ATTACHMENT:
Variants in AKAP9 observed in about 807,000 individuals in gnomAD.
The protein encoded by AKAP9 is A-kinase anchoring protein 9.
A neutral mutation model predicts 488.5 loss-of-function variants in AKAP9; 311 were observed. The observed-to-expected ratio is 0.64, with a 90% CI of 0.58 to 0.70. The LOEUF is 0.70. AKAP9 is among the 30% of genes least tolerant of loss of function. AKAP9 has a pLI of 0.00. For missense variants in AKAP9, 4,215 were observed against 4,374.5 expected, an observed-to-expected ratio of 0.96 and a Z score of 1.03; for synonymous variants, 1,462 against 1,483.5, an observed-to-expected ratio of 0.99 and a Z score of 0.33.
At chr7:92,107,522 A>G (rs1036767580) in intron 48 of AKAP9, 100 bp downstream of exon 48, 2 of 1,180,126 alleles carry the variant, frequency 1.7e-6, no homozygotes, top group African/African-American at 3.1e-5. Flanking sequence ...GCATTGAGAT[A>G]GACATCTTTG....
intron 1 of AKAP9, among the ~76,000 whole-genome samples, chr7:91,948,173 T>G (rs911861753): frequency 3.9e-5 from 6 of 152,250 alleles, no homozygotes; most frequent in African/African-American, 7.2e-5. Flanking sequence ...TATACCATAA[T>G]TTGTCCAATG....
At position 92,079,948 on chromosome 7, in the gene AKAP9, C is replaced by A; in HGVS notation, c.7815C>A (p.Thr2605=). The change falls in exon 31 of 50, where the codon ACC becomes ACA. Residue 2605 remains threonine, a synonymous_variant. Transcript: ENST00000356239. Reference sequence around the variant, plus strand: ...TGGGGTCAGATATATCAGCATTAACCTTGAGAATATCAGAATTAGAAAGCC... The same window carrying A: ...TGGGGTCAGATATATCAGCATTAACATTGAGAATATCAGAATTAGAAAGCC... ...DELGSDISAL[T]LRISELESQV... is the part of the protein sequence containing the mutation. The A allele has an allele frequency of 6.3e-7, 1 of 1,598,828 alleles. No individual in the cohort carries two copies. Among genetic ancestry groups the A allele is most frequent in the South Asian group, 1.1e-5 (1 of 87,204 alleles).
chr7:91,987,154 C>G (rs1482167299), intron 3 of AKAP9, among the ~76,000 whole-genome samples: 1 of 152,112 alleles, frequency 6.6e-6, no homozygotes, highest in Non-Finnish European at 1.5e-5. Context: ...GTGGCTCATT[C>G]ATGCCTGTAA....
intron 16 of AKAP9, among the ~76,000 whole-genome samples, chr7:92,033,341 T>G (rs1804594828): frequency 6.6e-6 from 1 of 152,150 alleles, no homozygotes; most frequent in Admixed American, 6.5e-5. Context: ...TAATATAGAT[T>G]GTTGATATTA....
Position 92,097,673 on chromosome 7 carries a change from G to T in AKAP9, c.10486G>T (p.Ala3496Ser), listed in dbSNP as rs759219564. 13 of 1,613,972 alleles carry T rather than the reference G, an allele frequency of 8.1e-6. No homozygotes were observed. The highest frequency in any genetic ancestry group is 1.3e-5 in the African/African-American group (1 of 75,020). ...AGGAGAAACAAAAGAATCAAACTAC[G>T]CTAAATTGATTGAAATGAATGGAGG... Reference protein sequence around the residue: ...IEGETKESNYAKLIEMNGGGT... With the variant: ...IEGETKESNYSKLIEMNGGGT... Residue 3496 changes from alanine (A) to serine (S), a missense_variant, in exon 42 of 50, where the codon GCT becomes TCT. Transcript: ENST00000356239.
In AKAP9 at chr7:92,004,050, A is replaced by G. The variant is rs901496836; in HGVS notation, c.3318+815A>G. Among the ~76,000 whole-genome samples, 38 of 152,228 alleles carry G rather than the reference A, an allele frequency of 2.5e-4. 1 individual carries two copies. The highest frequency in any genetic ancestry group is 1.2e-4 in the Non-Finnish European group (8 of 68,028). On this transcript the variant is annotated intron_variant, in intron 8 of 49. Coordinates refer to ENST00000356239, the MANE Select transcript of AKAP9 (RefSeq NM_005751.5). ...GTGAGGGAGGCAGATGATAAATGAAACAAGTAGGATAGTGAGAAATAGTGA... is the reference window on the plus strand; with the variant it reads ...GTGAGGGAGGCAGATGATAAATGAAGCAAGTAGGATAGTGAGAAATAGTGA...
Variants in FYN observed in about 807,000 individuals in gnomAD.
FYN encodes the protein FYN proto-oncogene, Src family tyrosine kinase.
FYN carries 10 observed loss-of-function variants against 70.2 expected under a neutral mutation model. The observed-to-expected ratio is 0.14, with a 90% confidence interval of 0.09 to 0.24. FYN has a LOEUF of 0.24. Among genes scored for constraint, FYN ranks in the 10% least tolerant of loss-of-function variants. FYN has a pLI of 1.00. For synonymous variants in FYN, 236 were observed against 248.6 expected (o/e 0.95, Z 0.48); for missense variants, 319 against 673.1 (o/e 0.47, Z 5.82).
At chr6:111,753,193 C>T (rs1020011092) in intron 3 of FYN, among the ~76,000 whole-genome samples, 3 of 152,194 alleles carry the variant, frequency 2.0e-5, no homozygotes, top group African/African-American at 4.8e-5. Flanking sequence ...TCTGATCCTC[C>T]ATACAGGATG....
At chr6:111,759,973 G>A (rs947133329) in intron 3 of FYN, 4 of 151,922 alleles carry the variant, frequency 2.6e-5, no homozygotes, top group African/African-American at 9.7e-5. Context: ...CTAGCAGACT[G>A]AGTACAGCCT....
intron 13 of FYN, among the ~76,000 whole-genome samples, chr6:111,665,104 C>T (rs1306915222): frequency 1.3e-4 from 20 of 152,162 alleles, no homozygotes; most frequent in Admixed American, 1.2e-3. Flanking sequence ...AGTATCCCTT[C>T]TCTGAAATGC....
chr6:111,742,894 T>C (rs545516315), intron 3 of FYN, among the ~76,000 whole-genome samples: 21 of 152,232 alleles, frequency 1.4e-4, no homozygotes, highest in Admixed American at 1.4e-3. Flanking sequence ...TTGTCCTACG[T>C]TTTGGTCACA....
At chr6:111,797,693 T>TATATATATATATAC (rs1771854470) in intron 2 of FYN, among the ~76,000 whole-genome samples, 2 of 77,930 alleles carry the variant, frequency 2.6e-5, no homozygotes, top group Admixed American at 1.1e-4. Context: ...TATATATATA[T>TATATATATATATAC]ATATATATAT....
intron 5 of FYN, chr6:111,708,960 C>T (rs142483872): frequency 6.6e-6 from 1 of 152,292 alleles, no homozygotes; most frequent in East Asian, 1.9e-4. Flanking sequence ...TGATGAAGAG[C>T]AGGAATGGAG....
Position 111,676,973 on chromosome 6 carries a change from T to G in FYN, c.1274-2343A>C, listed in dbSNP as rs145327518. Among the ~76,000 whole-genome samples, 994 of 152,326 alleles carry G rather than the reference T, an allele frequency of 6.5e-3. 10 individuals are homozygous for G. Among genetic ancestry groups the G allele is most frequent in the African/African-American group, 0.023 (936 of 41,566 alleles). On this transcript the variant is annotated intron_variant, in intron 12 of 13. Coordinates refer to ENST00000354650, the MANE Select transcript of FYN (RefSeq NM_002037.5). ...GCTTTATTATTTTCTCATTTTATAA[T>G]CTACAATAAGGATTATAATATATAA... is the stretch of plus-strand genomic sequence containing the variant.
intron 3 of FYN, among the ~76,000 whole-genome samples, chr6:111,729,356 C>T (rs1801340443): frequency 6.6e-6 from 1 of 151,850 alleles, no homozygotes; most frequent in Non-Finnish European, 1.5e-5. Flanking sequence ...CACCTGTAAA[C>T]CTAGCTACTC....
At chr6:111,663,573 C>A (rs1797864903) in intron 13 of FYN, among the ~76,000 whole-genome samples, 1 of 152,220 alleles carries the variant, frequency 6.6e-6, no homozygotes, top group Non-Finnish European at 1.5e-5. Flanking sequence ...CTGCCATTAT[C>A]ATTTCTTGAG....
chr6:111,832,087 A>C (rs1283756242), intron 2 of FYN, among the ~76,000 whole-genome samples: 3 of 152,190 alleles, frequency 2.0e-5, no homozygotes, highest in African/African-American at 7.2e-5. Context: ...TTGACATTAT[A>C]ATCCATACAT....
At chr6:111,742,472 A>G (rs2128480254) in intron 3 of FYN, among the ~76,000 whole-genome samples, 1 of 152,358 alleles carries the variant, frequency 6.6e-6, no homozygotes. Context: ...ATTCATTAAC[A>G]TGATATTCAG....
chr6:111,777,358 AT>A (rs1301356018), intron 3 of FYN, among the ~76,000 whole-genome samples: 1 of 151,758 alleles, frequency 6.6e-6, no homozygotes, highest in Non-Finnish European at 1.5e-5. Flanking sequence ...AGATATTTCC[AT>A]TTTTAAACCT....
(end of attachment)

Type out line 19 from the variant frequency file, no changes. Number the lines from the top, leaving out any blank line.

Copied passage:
intron 5 of FYN, chr6:111,708,960 C>T (rs142483872): frequency 6.6e-6 from 1 of 152,292 alleles, no homozygotes; most frequent in East Asian, 1.9e-4. Flanking sequence ...TGATGAAGAG[C>T]AGGAATGGAG....